Katonah Museum of Art

Katonah, NY





We love them. Their colors, forms, and aromas forever astonish and please. Through the centuries, flowers have inspired artists (and the rest of us) who marvel at Nature's bewitching gift.

This summer, from July 18th through October 3, 1999, the Katonah Museum of Art will present "WILDflowers", a beautiful and provocative exhibition that brings together over sixty works by 40 artists who depict, refer to, or use flowers in their creations. Organized by Susan H. Edwards, Ph.D., the Museum's executive director, the show demonstrates how contemporary artists use flowers to investigate a broad range of topics, from the simplicity of form to the seductive power of beauty and its potential for subversion.

The exhibition takes advantage of the literal and metaphorical meanings of the term wildflowers. Included are images of flowers that grow in an uncultivated state as well as representations that embrace the wild, frightening, and uncontrollable aspects of nature. Participating artists draw upon sources from art history, theory, literature, and popular culture. They work in various media including painting, sculpture, photography, ceramics, printmaking, collage, and video. WILDflowers includes work by John Alexander, Ross Bleckner, Deborah Brown, Gregory Crewdson, Nancy Davidson, Keith Edmier, Edward Giobbi, Robert Kushner, Frank Major, Amanda Means, Roxy Paine, Gary Schneider, Kiki Smith, Fred Tomaselli, and Jimmy Wright, among others.

Throughout history, flowers have been a recurring motif in art. The genre flourished in ancient Roman wall painting, northern European Renaissance and Baroque painting, French and American impressionism, and, more recently, in works by such artists as Georgia O'Keeffe, Andy Warhol, and Robert Mapplethorpe. Flowers have been painted on walls to extend the illusion of a garden. They have been used to symbolize attributes of the Virgin Mary during the Middle Ages, as lavish decoration and allegory during the Renaissance, as the subject of botanical interest during the Age of Reason, as a vehicle of pondering the mystery of life in the Far East, as a vehicle for studying light, color, and movement by 19th century Impressionists, and, in the late 19th-century, as a contrast to the effects of industrialism and urbanization.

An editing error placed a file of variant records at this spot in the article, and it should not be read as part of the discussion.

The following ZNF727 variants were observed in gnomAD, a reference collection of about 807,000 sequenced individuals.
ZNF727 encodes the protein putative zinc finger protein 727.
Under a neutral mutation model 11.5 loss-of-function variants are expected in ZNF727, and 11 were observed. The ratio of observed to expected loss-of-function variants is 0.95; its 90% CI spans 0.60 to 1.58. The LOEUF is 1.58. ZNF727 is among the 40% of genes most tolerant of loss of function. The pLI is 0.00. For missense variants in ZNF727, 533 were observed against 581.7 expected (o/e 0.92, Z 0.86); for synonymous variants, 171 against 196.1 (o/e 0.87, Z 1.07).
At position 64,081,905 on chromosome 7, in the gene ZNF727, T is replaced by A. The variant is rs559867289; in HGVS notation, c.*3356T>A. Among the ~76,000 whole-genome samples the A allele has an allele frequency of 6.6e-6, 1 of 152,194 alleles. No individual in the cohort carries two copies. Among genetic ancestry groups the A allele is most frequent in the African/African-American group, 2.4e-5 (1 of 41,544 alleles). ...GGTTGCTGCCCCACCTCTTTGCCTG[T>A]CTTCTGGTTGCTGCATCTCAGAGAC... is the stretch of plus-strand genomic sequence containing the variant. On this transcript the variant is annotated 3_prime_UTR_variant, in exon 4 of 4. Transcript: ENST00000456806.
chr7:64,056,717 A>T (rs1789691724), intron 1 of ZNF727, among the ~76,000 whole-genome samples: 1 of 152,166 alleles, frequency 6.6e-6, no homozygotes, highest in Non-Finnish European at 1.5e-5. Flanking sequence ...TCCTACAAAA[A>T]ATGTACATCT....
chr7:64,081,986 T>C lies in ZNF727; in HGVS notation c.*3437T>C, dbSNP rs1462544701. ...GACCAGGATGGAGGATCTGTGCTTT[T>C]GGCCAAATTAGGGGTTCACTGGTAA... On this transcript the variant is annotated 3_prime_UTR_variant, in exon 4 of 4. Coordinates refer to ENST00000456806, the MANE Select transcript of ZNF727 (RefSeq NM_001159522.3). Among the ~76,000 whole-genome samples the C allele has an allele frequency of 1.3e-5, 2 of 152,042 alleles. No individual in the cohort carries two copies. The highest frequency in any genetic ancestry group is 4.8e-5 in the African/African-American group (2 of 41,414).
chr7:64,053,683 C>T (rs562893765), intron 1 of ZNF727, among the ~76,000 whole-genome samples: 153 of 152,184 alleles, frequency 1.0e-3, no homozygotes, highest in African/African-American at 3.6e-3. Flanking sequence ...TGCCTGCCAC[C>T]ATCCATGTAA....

"In WILDflowers, contemporary artists use flowers to take us to new levels of understanding," Ms. Edwards notes. "Their concerns include identity politics, mortality, transcendence, the spiritual in art, and the nature of representation." Nancy Davidson and Sally Apfelbaum give new meaning to traditional associations with the feminine. Donna Sharrett's delicate constructions of flower petals and hair serve as memorials to her late mother. Peggy Cyphers, Peter Hristoff, and Robert Kushner embrace the tension between flat surface and the eternity of space to address metaphysical issues. Fred Tomaselli, Ray Rapp, and Roxy Paine investigate the tine line between reality and artifice. The great abandon of passion is forcefully conveyed in the paintings of John Alexander.

"It may seem incongruous at the end of the 20th century for artists to turn to the familiarity and convention of flowers," Ms. Edwards writes in the exhibition brochure. "Ours is a culture, absorbed in technology and materialism, that is frequently at odds with nature," She adds that the beauty of flowers provides a welcome antidote to the complexity of out times.

From top to bottom: Roberto Juarez, Valeriana, I997, Mixed media on canvas, 39 7/16 x 39 7/16 inches, Courtesy of Robert Miller Gallery, New York; Robert Kushner, Wild Phlox Bouquet, 1997, Oil, acrylic, wood, and palladium leaf on canvas, 60 x 30 inches, Courtesy of DC Moore Gallery, New York

Read more about the Katonah Museum of Art in Resource Library

Text and images courtesy of Katonah Museum of Art.

For further biographical information on selected artists cited in this article please see America's Distinguished Artists, a national registry of historic artists.

rev. 10/18/10

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